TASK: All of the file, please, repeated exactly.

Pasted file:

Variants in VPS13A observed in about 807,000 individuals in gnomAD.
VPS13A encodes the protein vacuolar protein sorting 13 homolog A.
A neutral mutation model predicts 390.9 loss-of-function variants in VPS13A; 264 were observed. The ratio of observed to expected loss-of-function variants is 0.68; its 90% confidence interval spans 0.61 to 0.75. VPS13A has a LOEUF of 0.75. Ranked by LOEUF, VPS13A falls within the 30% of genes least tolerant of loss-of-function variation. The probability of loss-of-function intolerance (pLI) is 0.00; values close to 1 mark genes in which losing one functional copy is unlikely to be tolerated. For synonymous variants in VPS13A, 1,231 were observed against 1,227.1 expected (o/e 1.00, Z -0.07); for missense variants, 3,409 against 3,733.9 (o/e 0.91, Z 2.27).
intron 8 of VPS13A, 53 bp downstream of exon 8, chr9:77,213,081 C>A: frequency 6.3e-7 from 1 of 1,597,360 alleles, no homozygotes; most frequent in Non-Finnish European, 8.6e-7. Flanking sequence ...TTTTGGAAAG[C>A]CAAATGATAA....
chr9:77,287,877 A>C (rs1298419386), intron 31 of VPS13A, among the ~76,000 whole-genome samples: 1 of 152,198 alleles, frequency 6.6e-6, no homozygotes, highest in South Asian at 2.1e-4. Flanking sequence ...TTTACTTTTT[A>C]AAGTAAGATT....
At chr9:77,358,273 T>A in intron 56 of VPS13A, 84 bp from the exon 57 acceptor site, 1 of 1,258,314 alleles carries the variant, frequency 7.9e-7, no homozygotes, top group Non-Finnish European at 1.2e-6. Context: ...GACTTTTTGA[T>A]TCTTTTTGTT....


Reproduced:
Variants in VPS13A observed in about 807,000 individuals in gnomAD.
VPS13A encodes the protein vacuolar protein sorting 13 homolog A.
A neutral mutation model predicts 390.9 loss-of-function variants in VPS13A; 264 were observed. The ratio of observed to expected loss-of-function variants is 0.68; its 90% confidence interval spans 0.61 to 0.75. VPS13A has a LOEUF of 0.75. Ranked by LOEUF, VPS13A falls within the 30% of genes least tolerant of loss-of-function variation. The probability of loss-of-function intolerance (pLI) is 0.00; values close to 1 mark genes in which losing one functional copy is unlikely to be tolerated. For synonymous variants in VPS13A, 1,231 were observed against 1,227.1 expected (o/e 1.00, Z -0.07); for missense variants, 3,409 against 3,733.9 (o/e 0.91, Z 2.27).
intron 8 of VPS13A, 53 bp downstream of exon 8, chr9:77,213,081 C>A: frequency 6.3e-7 from 1 of 1,597,360 alleles, no homozygotes; most frequent in Non-Finnish European, 8.6e-7. Flanking sequence ...TTTTGGAAAG[C>A]CAAATGATAA....
chr9:77,287,877 A>C (rs1298419386), intron 31 of VPS13A, among the ~76,000 whole-genome samples: 1 of 152,198 alleles, frequency 6.6e-6, no homozygotes, highest in South Asian at 2.1e-4. Flanking sequence ...TTTACTTTTT[A>C]AAGTAAGATT....
At chr9:77,358,273 T>A in intron 56 of VPS13A, 84 bp from the exon 57 acceptor site, 1 of 1,258,314 alleles carries the variant, frequency 7.9e-7, no homozygotes, top group Non-Finnish European at 1.2e-6. Context: ...GACTTTTTGA[T>A]TCTTTTTGTT....